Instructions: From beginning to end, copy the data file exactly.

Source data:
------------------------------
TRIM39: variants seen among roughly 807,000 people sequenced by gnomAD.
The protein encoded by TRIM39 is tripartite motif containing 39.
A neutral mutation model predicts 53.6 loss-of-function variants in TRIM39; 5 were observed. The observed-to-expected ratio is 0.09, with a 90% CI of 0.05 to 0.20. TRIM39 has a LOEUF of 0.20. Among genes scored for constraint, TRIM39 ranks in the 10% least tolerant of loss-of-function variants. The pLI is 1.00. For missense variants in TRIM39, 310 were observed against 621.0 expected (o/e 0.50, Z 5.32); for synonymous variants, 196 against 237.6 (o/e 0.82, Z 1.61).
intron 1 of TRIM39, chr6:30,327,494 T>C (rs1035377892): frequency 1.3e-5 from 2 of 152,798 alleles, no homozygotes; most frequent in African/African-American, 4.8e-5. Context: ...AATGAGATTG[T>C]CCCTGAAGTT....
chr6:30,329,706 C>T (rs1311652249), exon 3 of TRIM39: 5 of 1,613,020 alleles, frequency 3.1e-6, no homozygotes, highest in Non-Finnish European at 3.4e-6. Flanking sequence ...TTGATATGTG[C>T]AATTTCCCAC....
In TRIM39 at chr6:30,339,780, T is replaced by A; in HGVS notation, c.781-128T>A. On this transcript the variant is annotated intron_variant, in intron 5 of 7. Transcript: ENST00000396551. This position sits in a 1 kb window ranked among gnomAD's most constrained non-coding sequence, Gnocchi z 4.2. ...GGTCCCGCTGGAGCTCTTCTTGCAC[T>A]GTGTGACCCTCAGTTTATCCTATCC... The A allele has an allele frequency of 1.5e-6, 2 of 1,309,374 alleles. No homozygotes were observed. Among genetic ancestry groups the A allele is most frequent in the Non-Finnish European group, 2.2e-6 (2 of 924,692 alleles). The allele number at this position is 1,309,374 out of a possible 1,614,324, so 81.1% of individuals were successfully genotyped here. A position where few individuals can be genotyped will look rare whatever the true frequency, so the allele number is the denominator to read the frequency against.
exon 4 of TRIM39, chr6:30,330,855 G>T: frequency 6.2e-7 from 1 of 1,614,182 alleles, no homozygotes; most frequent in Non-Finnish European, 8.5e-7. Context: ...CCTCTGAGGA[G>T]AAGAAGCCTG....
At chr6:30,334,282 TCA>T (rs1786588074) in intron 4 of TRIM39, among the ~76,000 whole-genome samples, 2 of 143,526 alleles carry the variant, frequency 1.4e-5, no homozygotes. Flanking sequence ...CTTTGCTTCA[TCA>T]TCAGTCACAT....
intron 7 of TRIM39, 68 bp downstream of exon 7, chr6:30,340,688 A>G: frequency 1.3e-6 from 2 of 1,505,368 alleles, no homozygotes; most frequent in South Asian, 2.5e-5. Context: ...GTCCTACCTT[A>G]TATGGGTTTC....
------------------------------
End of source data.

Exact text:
TRIM39: variants seen among roughly 807,000 people sequenced by gnomAD.
The protein encoded by TRIM39 is tripartite motif containing 39.
A neutral mutation model predicts 53.6 loss-of-function variants in TRIM39; 5 were observed. The observed-to-expected ratio is 0.09, with a 90% CI of 0.05 to 0.20. TRIM39 has a LOEUF of 0.20. Among genes scored for constraint, TRIM39 ranks in the 10% least tolerant of loss-of-function variants. The pLI is 1.00. For missense variants in TRIM39, 310 were observed against 621.0 expected (o/e 0.50, Z 5.32); for synonymous variants, 196 against 237.6 (o/e 0.82, Z 1.61).
intron 1 of TRIM39, chr6:30,327,494 T>C (rs1035377892): frequency 1.3e-5 from 2 of 152,798 alleles, no homozygotes; most frequent in African/African-American, 4.8e-5. Context: ...AATGAGATTG[T>C]CCCTGAAGTT....
chr6:30,329,706 C>T (rs1311652249), exon 3 of TRIM39: 5 of 1,613,020 alleles, frequency 3.1e-6, no homozygotes, highest in Non-Finnish European at 3.4e-6. Flanking sequence ...TTGATATGTG[C>T]AATTTCCCAC....
In TRIM39 at chr6:30,339,780, T is replaced by A; in HGVS notation, c.781-128T>A. On this transcript the variant is annotated intron_variant, in intron 5 of 7. Transcript: ENST00000396551. This position sits in a 1 kb window ranked among gnomAD's most constrained non-coding sequence, Gnocchi z 4.2. ...GGTCCCGCTGGAGCTCTTCTTGCAC[T>A]GTGTGACCCTCAGTTTATCCTATCC... The A allele has an allele frequency of 1.5e-6, 2 of 1,309,374 alleles. No homozygotes were observed. Among genetic ancestry groups the A allele is most frequent in the Non-Finnish European group, 2.2e-6 (2 of 924,692 alleles). The allele number at this position is 1,309,374 out of a possible 1,614,324, so 81.1% of individuals were successfully genotyped here. A position where few individuals can be genotyped will look rare whatever the true frequency, so the allele number is the denominator to read the frequency against.
exon 4 of TRIM39, chr6:30,330,855 G>T: frequency 6.2e-7 from 1 of 1,614,182 alleles, no homozygotes; most frequent in Non-Finnish European, 8.5e-7. Context: ...CCTCTGAGGA[G>T]AAGAAGCCTG....
At chr6:30,334,282 TCA>T (rs1786588074) in intron 4 of TRIM39, among the ~76,000 whole-genome samples, 2 of 143,526 alleles carry the variant, frequency 1.4e-5, no homozygotes. Flanking sequence ...CTTTGCTTCA[TCA>T]TCAGTCACAT....
intron 7 of TRIM39, 68 bp downstream of exon 7, chr6:30,340,688 A>G: frequency 1.3e-6 from 2 of 1,505,368 alleles, no homozygotes; most frequent in South Asian, 2.5e-5. Context: ...GTCCTACCTT[A>G]TATGGGTTTC....